Currently, the most effective treatment for end-stage liver fibrosis is liver transplantation; however, transplantation is limited by a shortage of donor organs, surgical complications, immunological rejection, and high medical costs. Recently, mesenchymal stem cell (MSC) therapy has been suggested as an effective alternate approach for the treatment of hepatic diseases. MSCs have the potential to differentiate into hepatocytes, and therapeutic value exists in their immune-modulatory properties and secretion of trophic factors, such as growth factors and cytokines. In addition, MSCs can suppress inflammatory responses, reduce hepatocyte apoptosis, increase hepatocyte regeneration, regress liver fibrosis and enhance liver functionality. Despite these advantages, issues remain; MSCs also have fibrogenic potential and the capacity to promote tumor cell growth and oncogenicity. This paper summarizes the properties of MSCs for regenerative medicine and their therapeutic mechanisms and clinical application in the treatment of liver fibrosis. We also present several outstanding risks, including their fibrogenic potential and their capacity to promote pre-existing tumor cell growth and oncogenicity.
Although the liver has a considerable inherent regenerative capacity , sustained and chronic injury results in the onset of liver fibrosis. Stimuli such as viral hepatitis, alcohol, drugs, metabolic diseases, and autoimmune attack by hepatic cells trigger hepatocyte apoptosis, the impairment of the endothelial barrier, the recruitment of inflammatory cells and the activation of hepatic stellate cells (HSCs) [2-9]. Liver fibrosis is the result of an imbalance in extracellular matrix (ECM) synthesis and degradation mediated by portal fibroblasts, bone marrow-derived fibroblasts, mesenchymal cells, and activated HSCs . Currently, liver transplantation is the only effective treatment for end-stage liver fibrosis .
Recently, stem cell transplantation has been suggested as an effective alternative therapy for hepatic diseases . Alison et al.  and Theise et al.  have reported the presence of Y chromosome-positive hepatocytes in autopsied women who had received therapeutic bone marrow transplantations from male donors, suggesting the existence of pluripotent stem cells among their bone marrow cells. Moreover, stem cells, including embryonic, induced pluripotent, hematopoietic and mesenchymal stem cells (MSCs), can be differentiated into hepatocyte-like cells both in vitro and in vivo [15-17]. Of these stem cell types, MSCs have several advantages, such as easy acquisition, strong proliferative capacities and ex vivo expansion. In addition, MSCs have immune-modulatory properties and are able to migrate to damaged tissues. MSCs also secrete trophic factors, including growth factors and cytokines, which promote the regeneration of impaired tissues, including the liver.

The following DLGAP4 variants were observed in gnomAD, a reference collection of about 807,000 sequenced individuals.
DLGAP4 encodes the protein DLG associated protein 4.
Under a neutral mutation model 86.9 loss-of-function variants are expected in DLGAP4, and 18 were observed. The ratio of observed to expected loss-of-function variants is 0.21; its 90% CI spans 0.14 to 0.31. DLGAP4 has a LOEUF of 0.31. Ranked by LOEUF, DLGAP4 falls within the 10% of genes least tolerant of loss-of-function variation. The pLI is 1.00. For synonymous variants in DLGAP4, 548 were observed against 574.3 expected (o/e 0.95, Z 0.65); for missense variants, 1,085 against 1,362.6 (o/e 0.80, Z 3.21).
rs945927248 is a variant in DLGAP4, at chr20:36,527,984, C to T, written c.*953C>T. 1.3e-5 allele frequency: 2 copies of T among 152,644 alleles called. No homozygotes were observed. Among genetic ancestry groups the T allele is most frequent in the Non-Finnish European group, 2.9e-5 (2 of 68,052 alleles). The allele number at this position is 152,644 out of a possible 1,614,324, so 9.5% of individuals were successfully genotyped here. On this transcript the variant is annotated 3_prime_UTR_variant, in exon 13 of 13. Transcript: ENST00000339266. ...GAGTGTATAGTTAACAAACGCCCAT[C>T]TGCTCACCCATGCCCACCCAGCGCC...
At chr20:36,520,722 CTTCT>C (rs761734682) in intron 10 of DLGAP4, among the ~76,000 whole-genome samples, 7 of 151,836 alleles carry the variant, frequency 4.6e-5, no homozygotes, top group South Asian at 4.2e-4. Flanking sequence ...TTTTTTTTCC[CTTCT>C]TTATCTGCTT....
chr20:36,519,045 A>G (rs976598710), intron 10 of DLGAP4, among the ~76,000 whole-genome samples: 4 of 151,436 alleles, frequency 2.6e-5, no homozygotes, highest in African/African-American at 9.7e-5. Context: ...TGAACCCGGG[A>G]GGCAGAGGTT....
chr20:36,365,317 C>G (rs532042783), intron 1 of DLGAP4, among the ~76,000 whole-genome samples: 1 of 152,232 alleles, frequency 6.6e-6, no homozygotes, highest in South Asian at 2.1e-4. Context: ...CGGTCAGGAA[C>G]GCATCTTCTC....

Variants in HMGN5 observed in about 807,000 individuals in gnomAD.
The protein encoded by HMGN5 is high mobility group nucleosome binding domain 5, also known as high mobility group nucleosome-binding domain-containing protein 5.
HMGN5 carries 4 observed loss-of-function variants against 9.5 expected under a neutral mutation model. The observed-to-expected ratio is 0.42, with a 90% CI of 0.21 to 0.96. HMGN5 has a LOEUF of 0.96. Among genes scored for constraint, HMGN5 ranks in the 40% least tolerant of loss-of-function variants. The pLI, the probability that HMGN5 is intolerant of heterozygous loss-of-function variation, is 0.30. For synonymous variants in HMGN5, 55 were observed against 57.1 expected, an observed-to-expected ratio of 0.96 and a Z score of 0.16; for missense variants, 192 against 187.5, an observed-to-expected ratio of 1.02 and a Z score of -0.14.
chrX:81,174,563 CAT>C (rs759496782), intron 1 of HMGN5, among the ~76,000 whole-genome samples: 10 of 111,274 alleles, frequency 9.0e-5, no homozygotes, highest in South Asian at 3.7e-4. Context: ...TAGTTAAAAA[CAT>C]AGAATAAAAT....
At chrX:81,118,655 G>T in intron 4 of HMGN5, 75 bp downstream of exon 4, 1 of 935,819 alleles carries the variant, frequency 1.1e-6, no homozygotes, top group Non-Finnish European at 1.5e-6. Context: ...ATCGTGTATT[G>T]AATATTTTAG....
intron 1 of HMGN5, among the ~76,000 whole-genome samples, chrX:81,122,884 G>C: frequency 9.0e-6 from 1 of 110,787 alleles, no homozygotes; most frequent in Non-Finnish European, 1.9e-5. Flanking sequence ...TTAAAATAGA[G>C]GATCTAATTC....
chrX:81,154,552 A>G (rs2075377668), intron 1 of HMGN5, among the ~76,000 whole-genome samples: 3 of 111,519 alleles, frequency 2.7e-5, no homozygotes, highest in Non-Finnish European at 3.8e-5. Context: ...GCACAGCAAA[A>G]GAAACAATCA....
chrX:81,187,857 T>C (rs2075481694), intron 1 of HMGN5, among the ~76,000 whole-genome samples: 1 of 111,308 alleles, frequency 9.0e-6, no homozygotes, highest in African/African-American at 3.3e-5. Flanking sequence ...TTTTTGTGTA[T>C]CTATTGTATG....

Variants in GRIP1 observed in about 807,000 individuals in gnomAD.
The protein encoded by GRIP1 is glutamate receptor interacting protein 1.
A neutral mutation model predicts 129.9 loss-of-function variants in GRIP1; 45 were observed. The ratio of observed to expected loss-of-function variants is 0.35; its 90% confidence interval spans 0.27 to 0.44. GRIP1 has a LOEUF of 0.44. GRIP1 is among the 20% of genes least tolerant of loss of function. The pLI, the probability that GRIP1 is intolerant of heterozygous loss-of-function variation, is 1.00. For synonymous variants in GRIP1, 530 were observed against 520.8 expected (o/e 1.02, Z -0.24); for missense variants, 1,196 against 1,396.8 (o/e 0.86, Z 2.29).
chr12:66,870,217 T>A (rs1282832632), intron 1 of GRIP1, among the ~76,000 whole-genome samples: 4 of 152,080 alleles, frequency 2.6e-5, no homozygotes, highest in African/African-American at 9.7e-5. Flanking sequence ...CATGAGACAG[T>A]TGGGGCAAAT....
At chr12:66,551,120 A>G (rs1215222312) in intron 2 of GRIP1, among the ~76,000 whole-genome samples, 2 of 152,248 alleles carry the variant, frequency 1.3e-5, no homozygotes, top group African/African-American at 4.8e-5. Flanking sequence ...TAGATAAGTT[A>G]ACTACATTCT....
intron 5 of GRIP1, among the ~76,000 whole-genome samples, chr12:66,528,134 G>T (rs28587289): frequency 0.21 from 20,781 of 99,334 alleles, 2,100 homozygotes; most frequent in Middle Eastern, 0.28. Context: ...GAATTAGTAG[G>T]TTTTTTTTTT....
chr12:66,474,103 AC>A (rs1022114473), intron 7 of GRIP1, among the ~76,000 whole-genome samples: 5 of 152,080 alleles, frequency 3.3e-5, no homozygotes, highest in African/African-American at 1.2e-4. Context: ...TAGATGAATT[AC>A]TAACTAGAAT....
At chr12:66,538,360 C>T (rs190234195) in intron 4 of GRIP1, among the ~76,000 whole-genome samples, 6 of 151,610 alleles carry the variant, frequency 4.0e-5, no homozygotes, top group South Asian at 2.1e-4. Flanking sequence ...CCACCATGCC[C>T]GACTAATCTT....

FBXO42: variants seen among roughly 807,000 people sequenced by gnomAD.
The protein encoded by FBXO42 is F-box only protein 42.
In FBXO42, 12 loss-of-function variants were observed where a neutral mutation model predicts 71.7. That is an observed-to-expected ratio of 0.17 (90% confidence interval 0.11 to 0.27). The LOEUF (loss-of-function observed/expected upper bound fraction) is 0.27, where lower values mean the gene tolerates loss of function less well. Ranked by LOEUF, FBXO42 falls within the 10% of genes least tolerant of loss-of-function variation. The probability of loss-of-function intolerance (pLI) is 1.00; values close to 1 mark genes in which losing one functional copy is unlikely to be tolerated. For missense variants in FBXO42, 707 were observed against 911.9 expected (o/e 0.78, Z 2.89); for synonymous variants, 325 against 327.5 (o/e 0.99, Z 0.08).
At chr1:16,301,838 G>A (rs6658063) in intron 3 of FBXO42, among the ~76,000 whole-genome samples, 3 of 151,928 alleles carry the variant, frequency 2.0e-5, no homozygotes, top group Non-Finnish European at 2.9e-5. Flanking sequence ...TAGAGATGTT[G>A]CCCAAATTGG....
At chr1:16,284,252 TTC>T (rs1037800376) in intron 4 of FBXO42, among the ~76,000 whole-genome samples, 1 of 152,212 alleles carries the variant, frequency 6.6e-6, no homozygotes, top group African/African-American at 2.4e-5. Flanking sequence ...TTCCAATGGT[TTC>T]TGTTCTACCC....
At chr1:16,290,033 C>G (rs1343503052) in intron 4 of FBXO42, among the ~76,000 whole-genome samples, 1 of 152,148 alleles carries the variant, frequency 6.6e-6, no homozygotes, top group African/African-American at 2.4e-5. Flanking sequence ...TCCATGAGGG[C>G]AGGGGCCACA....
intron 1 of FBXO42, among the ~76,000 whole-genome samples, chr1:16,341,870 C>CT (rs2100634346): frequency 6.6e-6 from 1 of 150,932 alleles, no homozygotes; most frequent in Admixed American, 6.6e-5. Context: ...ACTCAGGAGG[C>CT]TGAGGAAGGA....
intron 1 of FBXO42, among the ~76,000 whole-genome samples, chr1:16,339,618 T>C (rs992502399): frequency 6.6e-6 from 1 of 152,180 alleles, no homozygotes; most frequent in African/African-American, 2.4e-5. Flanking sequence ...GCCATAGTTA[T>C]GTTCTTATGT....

In this review, we summarize (1) the properties of MSCs for regenerative medicine, (2) the therapeutic mechanisms of MSCs in the treatment of liver fibrosis, and (3) the clinical application of MSCs for the treatment of liver fibrosis. We also present several outstanding risks associated with their use, including their fibrogenic, tumor cell growth promotion and oncogenic potentials.
PROPERTIES OF MSCs FOR REGENERATIVE MEDICINE
MSCs are a promising source for cell-based tissue engineering and regenerative medicine. MSC transplantation is considered safe and has been widely tested in clinical trials of cardiovascular, neurological and immunological diseases with encouraging results. The properties of MSCs can be represented by their basic characteristics as stem cells and their therapeutic potentials as drugs. With regard to their basic characteristics, MSCs have the potential for self-renewal and differentiation into multiple types of cells. Sufficient numbers of these MSCs can be expanded without the loss of their potential for clinical application. In addition, MSCs can move toward areas of injury in response to signals of cellular damage, which are known as homing signals. This migration property of MSCs is important in regenerative medicine because various injection routes can be used depending on the damaged tissue or organ. MSCs can be transplanted into the liver by intravenous, intraperitoneal, intrahepatic, intrasplenic, or portal-venous injection, although the reported effectiveness has differed slightly based on the injection route and research group. MSCs are characterized by low expression of human leukocyte antigen (HLA) class I molecules and the absence of major histocompatibility complex (MHC) class II antigens, Fas ligand and the co-stimulatory molecules B7-1, mB7-2, CD40, and CD40L. These reduced immunogenic expression profiles cause MSCs to have immuno-tolerant phenotypes, allowing them to be used in allogeneic transplantation [18,19].